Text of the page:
On Monday, I read an article from an author who seems astonished that Apple CEO Tim Cook treated his hosts in India with respect. The headline included the phrase, “from arrogance to servility,” as if to imply that acting as a respectful guest in a strange country is unusual for Apple. Regardless, it’s clear Apple wants to carve out a huge piece of the smartphone sales pie in the second largest country on planet Earth. But that should come as no surprise.
So the real story isn’t Cook’s attitude, or alleged servitude, but what Apple plans to do to accomplish the task. Clearly there are huge obstacles, and one is the fact that the iPhone is priced far above what most of India’s population can afford. At least for now. Indeed, one published report quoted Cook as admitting that the prices of Apple’s flagship “may be too high.”
Now it has already been reported that the Indian authorities evidently turned down a bid by Apple to sell reconditioned — and therefore cheaper — iPhones in India. If that can be revisited, and the decision supposedly isn’t final, I suppose that’s one way to resolve the high price of admission. Another would be emphasizing the low-end model, the iPhone SE, and perhaps cutting the price some on the more expensive handsets. That Apple can pack most of the guts of the iPhone 6s into the smallest iPhone for $50 cheaper than its predecessor demonstrates a commitment to finding ways to fight the price barrier.
It’s not that $50, or the equivalent in India Rupees, 3,371.52, is all that much. But it’s a start. In saying that, Apple isn’t about to lose money on any hardware. It’s well known that this company won’t play that game, even though most makers of tech gear haven’t gotten the memo. Obviously very little profit can be had from selling Chromebooks for less than $150, but to many PC companies, it’s all about volume.
Only Amazon seems credible in taking little or no profit after all these years.
Another problem is that Apple’s gear generally also costs more in equivalent money in other parts of the world, which hurts its ability to compete. It’s complicated. Sometimes it’s all or mostly about different tax rates, to which you add varying foreign exchange rates. So as the U.S. dollar rises, an American company’s ability to compete in foreign markets becomes more difficult.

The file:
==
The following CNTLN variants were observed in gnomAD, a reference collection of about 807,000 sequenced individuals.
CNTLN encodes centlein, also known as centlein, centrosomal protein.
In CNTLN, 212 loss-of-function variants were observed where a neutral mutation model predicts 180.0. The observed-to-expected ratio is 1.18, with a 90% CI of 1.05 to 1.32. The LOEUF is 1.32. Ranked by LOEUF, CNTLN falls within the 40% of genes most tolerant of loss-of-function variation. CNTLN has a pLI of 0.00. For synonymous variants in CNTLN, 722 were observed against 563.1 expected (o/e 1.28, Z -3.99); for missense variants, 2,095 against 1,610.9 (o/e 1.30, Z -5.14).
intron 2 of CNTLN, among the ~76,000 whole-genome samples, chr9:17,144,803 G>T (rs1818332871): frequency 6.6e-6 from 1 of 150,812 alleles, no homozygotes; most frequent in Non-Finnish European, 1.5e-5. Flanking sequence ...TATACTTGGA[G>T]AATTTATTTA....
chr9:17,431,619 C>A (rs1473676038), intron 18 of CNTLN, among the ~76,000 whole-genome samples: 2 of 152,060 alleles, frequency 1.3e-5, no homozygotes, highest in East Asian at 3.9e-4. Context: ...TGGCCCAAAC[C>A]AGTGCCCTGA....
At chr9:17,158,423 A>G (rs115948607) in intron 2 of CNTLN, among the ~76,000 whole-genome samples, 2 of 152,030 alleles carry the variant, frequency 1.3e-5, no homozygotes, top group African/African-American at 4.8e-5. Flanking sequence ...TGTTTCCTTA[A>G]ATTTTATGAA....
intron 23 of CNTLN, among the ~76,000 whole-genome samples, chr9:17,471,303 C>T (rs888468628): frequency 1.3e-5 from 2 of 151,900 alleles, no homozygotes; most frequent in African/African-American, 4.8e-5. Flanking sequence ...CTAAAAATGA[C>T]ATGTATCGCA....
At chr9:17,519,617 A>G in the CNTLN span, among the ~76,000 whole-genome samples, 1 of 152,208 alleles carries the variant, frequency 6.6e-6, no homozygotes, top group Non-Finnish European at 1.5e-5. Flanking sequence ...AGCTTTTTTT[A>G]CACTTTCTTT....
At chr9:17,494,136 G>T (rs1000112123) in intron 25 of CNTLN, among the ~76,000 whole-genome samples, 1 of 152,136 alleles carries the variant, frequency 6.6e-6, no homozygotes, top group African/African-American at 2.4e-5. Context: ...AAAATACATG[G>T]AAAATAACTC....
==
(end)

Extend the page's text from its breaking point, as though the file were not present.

I suppose one way to deal with this is to assemble the gear locally. Apple depends heavily on China for manufacturing, and I suppose factories could be established in India to reduce shipping costs and take advantage of any local tax incentives.
That’s why foreign car makers have established a number of assembly plants in the U.S. So millions of vehicles from Honda and other overseas companies are, based on the percentage of domestic content, actually American cars.
One thing is certain from the published reports, and that is that growing sales in India is going to be a slow climb. Apple’s share of the market there is reported as a mere 1.5%. iPhones are, on average,five time more expensive than the typical sale price of a smartphone in that country. Now the average sale price for smartphones around the world is $261.30. The average sale price for an iPhone was $642 in the March quarter. You can see the disparity, but it’s also true that Apple competes in a more rarified atmosphere where the competition’s retail price is not that much different.
In short, Apple is not going to consider desperate measures to be more competitive. The iPhone, as with Macs, iPads and the Apple Watch, are meant to be aspirational products. They will cost more than the average gadget from a competitor, but they are within the range of products that directly compete on specs and features.
So it would seem that iPhone sales may stay in the single digits for quite a while in India, but if double-digit growth can still be achieved, there is hope for the future. As India’s middle class grows, Apple will have plenty of gear that will appeal to them.
Still, some reports I checked claim that India’s refusal to allow Apple to sell refurbished iPhones in that country marked a big defeat. The reasoning is said to be political, partly influenced by lobbying from the entrenched competition. Apple’s move to launch Maps and iOS app development in India will no doubt help some, as will setting up Apple Stores. A commitment to manufacture iPhones would do more, although its sales volumes wouldn’t seem sufficient to warrant that sort of investment, at least for now.
But it’s also true that Apple doesn’t plan for the short term. Lower iPhone sales will be tolerated, as will lower iPad and Mac sales, so long as profits remain high. It’s very possible that growth will resume in China, that future iPhones will attract higher numbers of upgraders and switchers, and plans to grow the market big time in India and other developing countries will succeed going forward.
Unfortunately, Apple’s critics will continue to demand immediate solutions to long-term trends. Apple would be making a huge mistake to listen, but it’s clear they are taking steps to explore new market opportunities. Anyone who wants to consider the iPhone ultimately dead and buried should look at the proportion of smartphone sales as a part of Samsung’s total revenue for a reality check.
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